Sis­ter re­mem­bered

Te Awamutu Courier - - News -

the work she did with sol­diers dur­ing and post war.

“For all her ded­i­ca­tion and ser­vice to sol­diers and the Ka¯whia com­mu­nity, she had nowhere to live and no money, but her RSA boys got to­gether and built her a lit­tle cot­tage over­look­ing the town and har­bour which she shared with a dis­abled brother.

“There were nine broth­ers, and she out­lived them all. For years they sent her a pound each for her birth­day and it is said ‘she lived on that and ev­ery­thing else she had, she gave away’.

“In 1956 she re­luc­tantly agreed to ac­cept an MBE in the hon­ours list. She died, game to the last, in Waikato Hos­pi­tal on June 17, 1977.

“After her fu­neral, she left money for her exser­vice men to pro­vide ‘Sis­ter’s last shout’.”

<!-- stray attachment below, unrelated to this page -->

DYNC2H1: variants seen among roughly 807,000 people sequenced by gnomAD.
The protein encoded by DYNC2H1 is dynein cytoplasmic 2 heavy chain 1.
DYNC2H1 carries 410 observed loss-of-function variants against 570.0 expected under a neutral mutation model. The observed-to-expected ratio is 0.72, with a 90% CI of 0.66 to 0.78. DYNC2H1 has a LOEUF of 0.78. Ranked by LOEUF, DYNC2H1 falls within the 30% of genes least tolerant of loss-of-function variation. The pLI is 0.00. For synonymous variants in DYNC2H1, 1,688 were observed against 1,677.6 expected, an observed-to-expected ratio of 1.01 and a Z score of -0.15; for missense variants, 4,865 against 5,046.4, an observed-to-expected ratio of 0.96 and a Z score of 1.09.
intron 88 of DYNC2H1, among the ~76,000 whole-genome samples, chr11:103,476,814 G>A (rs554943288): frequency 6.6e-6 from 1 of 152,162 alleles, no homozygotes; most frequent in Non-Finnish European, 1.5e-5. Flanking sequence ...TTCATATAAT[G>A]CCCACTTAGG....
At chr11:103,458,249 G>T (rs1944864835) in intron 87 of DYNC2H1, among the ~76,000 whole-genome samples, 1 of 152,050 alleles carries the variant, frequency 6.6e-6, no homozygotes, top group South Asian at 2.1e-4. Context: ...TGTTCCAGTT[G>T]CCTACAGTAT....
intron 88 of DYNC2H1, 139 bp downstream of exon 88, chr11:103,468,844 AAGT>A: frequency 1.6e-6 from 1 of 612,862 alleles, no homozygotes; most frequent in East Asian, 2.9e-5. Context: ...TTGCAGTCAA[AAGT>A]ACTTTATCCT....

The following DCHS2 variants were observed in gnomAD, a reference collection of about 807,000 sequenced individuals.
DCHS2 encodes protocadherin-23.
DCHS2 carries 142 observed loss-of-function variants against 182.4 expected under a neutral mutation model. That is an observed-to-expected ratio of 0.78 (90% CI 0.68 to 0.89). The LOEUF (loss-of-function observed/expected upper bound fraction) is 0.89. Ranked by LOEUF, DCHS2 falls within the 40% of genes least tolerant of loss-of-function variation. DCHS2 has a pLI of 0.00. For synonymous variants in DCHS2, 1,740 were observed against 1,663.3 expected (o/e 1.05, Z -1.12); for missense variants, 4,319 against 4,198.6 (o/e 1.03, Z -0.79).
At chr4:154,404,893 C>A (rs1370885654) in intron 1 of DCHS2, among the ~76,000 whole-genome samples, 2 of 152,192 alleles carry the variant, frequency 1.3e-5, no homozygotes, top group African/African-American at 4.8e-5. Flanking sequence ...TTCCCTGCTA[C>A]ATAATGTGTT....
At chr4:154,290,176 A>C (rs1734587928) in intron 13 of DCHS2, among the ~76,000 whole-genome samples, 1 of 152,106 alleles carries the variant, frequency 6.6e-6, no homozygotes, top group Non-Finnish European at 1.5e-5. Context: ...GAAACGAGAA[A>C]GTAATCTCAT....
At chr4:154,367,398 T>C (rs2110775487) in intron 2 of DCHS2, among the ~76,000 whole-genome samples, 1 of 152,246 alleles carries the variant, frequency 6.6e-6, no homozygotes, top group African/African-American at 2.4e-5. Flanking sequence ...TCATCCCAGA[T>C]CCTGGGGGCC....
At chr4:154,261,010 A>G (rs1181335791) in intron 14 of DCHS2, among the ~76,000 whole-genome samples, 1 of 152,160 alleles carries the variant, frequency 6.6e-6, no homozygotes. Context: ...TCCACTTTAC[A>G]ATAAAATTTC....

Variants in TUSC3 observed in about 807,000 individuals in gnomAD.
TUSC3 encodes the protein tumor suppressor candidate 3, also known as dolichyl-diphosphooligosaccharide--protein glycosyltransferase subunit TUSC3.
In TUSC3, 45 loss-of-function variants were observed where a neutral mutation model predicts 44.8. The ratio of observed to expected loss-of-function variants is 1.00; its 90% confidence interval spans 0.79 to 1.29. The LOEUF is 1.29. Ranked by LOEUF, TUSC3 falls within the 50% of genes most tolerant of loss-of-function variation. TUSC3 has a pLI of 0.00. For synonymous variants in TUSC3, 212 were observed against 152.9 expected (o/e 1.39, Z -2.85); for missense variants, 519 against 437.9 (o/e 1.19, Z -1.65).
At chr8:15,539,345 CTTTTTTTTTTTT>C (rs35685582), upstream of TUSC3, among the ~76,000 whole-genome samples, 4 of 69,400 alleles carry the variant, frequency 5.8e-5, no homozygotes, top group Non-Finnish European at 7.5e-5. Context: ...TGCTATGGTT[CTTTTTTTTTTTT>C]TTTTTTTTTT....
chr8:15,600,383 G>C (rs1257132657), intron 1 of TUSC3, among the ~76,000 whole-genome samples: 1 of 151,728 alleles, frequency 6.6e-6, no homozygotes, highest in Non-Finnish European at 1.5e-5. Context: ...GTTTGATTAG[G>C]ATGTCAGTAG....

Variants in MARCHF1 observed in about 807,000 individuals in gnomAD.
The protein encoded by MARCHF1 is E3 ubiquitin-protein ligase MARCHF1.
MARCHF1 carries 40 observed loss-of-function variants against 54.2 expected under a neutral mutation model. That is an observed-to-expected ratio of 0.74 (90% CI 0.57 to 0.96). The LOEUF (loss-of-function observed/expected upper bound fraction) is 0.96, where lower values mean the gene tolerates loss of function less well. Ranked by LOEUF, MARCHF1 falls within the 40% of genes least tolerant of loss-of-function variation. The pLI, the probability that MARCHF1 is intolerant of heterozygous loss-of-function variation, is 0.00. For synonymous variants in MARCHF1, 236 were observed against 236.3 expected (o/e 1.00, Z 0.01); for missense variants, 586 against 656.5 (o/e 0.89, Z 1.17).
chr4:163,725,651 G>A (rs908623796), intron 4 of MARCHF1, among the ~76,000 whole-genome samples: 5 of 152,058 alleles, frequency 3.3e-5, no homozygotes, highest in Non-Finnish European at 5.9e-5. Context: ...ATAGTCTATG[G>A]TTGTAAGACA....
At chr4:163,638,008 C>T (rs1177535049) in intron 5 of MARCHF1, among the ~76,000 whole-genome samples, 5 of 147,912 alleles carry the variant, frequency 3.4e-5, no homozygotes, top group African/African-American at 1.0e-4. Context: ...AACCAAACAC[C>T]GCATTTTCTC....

Theresa has been re­search­ing and col­lat­ing doc­u­ments on Sis­ter Reidy for more than 12 months and the lat­est chap­ter from com­mem­o­ra­tion will be added to com­plete her file then do­nated to the Ka¯ whia Mu­seum.

Cour­tesy Wait­omo News

Photo / Sup­plied

O¯ toro­hanga mayor Max Bax­ter (right), pic­tured with or­gan­iser Theresa Arm­strong and Te Awa­mutu Re­turned Ser­vices As­so­ci­a­tion pres­i­dent Lou Brown, un­veiled the plaque ded­i­cated to Ka¯ whia’s own Sis­ter Reidy.

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